I instantly knew what being shut “out of the hill” and what “eating in the kitchen below” meant. The “hill” being the kitchen and dining room on the hill that I talked about above. Eating in “the kitchen below” meant the kitchen in the main living quarters. They weren’t the full-time kitchen any longer and they were “below” because the other kitchen was on the hill.

Photograph of two signs indicating whether Keiran is at her desk, or not

“We like the way you write the history of Taliesin”

My photograph of the two signs that my coworker made for me

Well, yes, of course. But in this case I’m paraphrasing what someone said to me after they’d read my submission for a preservation plan of Wright’s Taliesin structure.

In this post I’m going to look again at some of my writing; in particular, that which analyzes Taliesin.

Why was this said?

They told me this in the fall of 2006 or sometime in 2007. They were employed by the firm Isthmus Architecture and were looking over the “historic chronologies” that I had written of the Taliesin structure. The purpose of the chronologies: determine what the structure looked like in the last years of Frank Lloyd Wright’s life (and at his death). I wrote about this restoration aim back in May of this year.

Knowing Wright’s home (and knowing me) I thought it was better to figure out what the architect had done to the building from c. 1950 to his death (1959). I hoped to clean up some mistakes, misinterpretations, and misrememberings. Maybe.

Did this work?

I think I did a good job. I figured out things that changed a room on the first floor of the structure (this is known as the “Blue Room”), and I assisted in determining what the underside of a terrace looked like, despite what a former Wright apprentice remembered. The terrace underside is seen in a photograph taken in 1955 by Maynard Parker, below:

Photograph of Taliesin taken by Maynard Parker. Courtesy of The Huntington Library, San Marino, California.

We were talking about this while standing under the Loggia Terrace. The area is under the section with all of the French doors. It was believed (because we were told) that the soffit hadn’t been plastered in Wright’s lifetime. This 1955 photograph has the plastered soffit (the light area under that horizontal line). You can get to a larger version of the image by clicking the photo above.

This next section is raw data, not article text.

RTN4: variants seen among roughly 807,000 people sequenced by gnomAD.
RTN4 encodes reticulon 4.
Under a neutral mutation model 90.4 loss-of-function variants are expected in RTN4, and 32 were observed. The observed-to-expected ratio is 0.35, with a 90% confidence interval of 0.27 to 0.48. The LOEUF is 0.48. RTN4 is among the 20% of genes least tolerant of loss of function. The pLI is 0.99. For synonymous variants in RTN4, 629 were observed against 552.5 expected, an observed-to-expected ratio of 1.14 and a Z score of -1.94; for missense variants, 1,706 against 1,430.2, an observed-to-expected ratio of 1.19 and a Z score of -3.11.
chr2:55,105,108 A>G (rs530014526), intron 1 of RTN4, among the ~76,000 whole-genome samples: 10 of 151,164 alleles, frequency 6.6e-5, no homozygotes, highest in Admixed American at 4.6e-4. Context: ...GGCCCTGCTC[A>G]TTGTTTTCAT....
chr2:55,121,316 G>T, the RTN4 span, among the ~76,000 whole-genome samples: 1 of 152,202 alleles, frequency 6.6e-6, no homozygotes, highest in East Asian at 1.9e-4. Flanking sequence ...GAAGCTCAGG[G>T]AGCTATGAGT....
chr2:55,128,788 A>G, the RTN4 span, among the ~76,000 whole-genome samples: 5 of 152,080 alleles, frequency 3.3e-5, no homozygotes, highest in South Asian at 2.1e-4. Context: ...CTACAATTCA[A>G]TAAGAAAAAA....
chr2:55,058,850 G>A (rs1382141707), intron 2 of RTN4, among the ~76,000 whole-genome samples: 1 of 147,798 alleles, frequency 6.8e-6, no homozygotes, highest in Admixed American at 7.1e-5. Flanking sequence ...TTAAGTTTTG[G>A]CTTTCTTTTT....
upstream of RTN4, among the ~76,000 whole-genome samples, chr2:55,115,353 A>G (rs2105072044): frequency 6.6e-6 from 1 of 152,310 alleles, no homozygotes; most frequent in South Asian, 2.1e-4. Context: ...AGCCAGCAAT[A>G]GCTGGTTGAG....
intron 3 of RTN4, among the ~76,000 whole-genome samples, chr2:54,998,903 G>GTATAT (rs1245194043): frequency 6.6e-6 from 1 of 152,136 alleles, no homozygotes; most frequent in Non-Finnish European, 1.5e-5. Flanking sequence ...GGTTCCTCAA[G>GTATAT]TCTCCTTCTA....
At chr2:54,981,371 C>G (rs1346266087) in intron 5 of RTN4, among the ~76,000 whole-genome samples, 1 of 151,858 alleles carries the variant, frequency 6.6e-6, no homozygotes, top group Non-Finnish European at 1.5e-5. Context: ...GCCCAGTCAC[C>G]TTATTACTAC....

Good thing I was standing there when someone said, “Wright never had an underside to the terrace.” I probably felt feverish, but still attempted a voice that sounded reasonable when I said, “Uh—yes he did.” Then probably explained one or two photographs that showed the soffit and promised to get them for those who were looking.

At those times—when I can quickly answer the question of “did he have this at Taliesin?”—I felt like a magician pulling things out of a hat.

Anyways…

So, I want to get back to what they said about my writing. I know these things about the building’s history in part because I began writing detailed analytical chronologies of the Taliesin structure in 2004. At first these just covered its residential wing (the part of the building where he lived and that burned in the two fires). And I wrote these chronologies about his drafting studio and attached offices.

How much did I write about?

While just a percentage of the building, Wright’s residential wing totals (let me check) 34 rooms (a room can include the kitchen, but also hallways and vestibules). I also wrote on the rooms in the “Studio/Office” wing (including the first floor of this area). This has 11 rooms.